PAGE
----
July 28, 2011

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Lower that Bounce Rate

If you run your own website but haven’t heard the term “bounce rate”, have a seat. You might be satisfied with the number of people visiting your website, but if the majority of those visitors leave within a few seconds without interacting with any of your content, that’s something you need to deal with.

digital-media.net’s Brad Martens says website visitors will decide whether to stay and interact with your content within the first seven seconds. Give your visitors what they need within that timeframe, and they will be much more likely to investigate further.

But according to Google’s self-proclaimed “analytics evangelist”, Avinash Kaushik, seven seconds could be an optimistic estimate. Kaushik says bounce rate measures the “I came; I puked; I left” phenomenon:

“While metrics like visitors show the number of people who came to your site, bounce rate will tell you how many of those people were unimpressed and left your site without taking any action (not even dignifying the site with a single click!).”

So how do I measure my bounce rate?

Unsurprisingly, Kaushik promotes the use of to measure your website’s bounce rate. Google Analytics is a widely used option that measures up to 5 million page views per month for free.

Here at propertyadguru.com, we use the WordPress plugin Woopra Analytics. Of course, there are plenty of other website analytics tools available, such as Piwik, Clicky and to name just a few. Because there are so many free options available, choosing one that works for your website doesn’t have to be an expensive exercise.

Ok, and how do I improve my bounce rate?

So, you’ve seen your bounce rate and it isn’t pretty. The good news is, there are plenty of things you can do to keep visitors on your website. Here are our top three suggestions:

Focus on where your traffic is coming from. Using your new website analytics tools, you should be able to determine whether visitors are finding your website via search engines, social media, or other websites. You can then start to make changes to ensure you’re attracting the right kinds of visitors. Ask yourself: is my website optimised for the right keywords? Is my display advertising showing up on the right websites?

Consider usability. Can visitors easily navigate your website to find what they need, right from the start? If you’re not sure, ask for some honest feedback from friends and colleagues. You could even add a quick survey to your website allowing users to tell you what they think.

Highlight calls to action. A high bounce rate need not be a tragedy if people are subscribing to your RSS or Twitter feeds, or becoming your fan on Facebook, within those first few seconds. With the Internet becoming more social by the day, it’s important to remember that these are the preferred methods of website interaction for many.

Bursting with ideas on how to improve bounce rates? Let us know your thoughts in our comments.

[Image: hirethings.co.nz]


Related posts:

  1. Five Things that Will Make Your Visitors Bounce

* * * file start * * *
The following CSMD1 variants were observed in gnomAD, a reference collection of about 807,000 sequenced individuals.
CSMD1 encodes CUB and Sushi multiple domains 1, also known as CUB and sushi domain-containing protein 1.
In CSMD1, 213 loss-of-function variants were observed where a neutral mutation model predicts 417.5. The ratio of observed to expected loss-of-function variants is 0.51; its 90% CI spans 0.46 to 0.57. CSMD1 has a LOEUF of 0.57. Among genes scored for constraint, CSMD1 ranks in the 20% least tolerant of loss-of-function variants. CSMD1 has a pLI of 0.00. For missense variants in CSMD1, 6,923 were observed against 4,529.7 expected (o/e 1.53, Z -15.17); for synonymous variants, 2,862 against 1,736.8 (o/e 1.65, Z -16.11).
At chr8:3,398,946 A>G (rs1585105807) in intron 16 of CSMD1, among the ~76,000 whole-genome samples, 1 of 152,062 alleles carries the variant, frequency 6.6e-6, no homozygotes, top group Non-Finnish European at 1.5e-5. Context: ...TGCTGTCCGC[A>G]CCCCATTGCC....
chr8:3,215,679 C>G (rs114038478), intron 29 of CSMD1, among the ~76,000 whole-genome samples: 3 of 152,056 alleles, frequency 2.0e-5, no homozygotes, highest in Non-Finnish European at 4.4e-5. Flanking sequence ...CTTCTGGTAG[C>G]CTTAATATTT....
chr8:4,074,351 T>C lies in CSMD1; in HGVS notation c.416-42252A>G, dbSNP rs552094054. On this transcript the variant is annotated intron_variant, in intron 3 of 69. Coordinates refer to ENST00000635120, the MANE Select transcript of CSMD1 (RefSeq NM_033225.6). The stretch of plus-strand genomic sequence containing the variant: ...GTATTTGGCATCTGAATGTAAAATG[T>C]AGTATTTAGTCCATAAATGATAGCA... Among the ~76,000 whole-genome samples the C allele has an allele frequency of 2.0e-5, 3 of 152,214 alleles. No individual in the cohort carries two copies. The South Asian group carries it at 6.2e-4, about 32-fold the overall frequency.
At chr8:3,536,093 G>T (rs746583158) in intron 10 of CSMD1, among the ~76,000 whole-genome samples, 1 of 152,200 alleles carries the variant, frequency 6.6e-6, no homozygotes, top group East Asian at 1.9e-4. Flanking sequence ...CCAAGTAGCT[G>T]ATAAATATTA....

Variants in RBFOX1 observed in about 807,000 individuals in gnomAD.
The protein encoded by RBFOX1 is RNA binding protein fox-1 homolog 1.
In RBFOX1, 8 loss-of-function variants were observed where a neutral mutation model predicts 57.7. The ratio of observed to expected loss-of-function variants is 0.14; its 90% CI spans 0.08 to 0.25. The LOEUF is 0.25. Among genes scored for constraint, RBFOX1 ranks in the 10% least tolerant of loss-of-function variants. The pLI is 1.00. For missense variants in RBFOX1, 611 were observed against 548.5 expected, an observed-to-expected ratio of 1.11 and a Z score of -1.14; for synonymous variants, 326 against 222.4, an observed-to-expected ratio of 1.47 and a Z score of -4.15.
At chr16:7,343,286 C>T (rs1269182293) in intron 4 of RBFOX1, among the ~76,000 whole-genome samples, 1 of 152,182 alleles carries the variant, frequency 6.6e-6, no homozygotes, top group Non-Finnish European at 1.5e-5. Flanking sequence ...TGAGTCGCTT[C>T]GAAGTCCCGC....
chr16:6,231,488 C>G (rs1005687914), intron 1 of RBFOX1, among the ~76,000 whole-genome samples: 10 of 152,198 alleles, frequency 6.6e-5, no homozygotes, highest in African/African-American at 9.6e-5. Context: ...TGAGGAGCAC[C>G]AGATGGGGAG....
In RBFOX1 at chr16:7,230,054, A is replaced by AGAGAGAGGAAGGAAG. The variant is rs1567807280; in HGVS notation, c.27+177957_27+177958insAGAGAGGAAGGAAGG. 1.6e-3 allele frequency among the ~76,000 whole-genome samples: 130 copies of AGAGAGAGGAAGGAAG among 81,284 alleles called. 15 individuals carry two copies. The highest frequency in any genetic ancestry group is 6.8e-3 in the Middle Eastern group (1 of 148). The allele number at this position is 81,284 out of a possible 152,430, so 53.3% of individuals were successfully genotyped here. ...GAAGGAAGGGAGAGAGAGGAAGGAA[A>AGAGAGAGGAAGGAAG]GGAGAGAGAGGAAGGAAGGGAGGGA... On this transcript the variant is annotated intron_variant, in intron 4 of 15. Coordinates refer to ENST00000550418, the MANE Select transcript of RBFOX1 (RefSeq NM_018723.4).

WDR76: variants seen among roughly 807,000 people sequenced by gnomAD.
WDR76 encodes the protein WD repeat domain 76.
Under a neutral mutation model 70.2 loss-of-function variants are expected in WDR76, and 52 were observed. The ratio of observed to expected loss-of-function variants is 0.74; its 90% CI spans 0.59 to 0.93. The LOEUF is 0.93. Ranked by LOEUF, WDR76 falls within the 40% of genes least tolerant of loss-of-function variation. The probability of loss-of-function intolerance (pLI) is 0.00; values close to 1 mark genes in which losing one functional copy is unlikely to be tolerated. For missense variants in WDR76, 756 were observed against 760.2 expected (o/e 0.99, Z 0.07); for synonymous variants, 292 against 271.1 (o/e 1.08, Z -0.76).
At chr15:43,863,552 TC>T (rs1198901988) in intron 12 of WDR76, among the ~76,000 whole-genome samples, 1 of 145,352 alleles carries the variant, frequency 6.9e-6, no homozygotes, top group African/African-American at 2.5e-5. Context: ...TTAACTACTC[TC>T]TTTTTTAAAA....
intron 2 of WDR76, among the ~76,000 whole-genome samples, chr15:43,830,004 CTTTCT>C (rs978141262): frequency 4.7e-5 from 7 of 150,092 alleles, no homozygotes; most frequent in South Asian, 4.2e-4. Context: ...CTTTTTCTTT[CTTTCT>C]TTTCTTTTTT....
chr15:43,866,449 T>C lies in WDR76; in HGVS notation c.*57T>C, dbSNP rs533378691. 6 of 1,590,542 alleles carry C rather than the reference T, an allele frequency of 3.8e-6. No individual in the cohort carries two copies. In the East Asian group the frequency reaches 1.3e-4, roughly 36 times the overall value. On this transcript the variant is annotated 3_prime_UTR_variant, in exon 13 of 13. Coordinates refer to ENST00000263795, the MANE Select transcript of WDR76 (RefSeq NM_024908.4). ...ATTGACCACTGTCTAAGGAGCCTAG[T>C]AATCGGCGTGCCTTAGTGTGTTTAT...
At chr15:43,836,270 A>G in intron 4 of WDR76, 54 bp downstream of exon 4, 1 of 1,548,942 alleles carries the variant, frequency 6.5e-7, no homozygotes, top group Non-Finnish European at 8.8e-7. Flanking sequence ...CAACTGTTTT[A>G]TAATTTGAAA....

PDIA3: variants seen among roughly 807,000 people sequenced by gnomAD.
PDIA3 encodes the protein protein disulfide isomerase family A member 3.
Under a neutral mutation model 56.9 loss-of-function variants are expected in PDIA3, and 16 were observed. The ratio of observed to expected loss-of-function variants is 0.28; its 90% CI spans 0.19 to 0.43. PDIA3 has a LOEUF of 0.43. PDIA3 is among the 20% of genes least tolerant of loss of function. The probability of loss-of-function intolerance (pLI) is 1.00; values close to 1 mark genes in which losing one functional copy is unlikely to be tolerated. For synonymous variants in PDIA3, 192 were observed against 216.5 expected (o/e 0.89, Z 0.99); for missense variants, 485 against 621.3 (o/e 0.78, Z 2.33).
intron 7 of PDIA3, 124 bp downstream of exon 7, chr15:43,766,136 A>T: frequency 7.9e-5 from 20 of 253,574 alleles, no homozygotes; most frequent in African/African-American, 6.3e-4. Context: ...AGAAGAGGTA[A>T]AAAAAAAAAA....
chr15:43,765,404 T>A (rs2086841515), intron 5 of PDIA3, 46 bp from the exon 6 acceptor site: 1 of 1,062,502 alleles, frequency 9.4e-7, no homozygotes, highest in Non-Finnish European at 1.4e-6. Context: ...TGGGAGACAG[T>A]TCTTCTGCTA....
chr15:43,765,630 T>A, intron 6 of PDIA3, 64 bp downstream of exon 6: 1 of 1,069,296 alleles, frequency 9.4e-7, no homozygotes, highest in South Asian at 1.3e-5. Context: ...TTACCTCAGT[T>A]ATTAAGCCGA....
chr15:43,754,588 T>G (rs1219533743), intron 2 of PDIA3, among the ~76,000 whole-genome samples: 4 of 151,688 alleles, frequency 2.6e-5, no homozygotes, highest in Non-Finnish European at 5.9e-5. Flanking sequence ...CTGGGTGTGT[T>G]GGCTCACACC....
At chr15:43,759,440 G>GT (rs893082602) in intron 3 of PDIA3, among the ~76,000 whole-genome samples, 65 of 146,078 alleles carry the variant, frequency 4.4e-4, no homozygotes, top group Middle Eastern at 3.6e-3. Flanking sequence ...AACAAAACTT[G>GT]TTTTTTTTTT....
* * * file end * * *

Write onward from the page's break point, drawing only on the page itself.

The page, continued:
2. Track Your Website Visitors with Mouseflow
  3. Online Engagement Essentials
  4. Website Spotlight: housechick.com


  1. lynne says:

    What is considered a good bounce rate ie : anything below xxxx would be considered acceptable?

  2. Alice Allan says:

    Hi Lynne,

    Thanks for your question. There doesn’t seem to be a standard definition of what a “good” or “bad” bounce rate is. That said, the article by Avinash Kaushik I reference above gives an example of a 77 percent bounce rate, which Kaushik clearly thinks is too high.

    If you visit Kaushik’s blog (http://www.kaushik.net/avinash/) and find the entry titled “Excellent Analytics Tip #11: Measure Effectiveness Of Your Web Pages”, he gives his own take on how low a bounce rate should be:

    “My own personal observation is that it is really hard to get a bounce rate under 20%, anything over 35% is cause for concern, 50% (above) is worrying. I stress that this is my personal analysis based on my experience, but hopefully it gives you a feel for what you are shooting for.”

    That’s the word from Google’s “analytics evangelist”, but I would add that your own definition of a good bounce rate would need to take into account your website’s aims, and other metrics such as subscribers to newsletters and RSS feeds.

    Hope that answers your question - thanks for reading!


  1. [...] A good place to start is your website’s bounce rate, which we’ve looked at in detail here. If visitors to your website are not engaged, they will simply “bounce” away again [...]

  2. [...] Bounce Rate, Pages per Visit and Time on Site: A ‘bounce’ is when a user hits your site then exits without viewing any other pages. A high bounce rate (greater than 30%) means you should probably look at changing some aspects of your site to engage users more. In addition to bounce rate it is important to focus on how long users are spending on your site and how many pages they are viewing. [...]

  3. [...] you’ve learned how to measure your bounce rate, and if you’ve found it’s higher than you’d like, the next step is to figure out why. To get [...]

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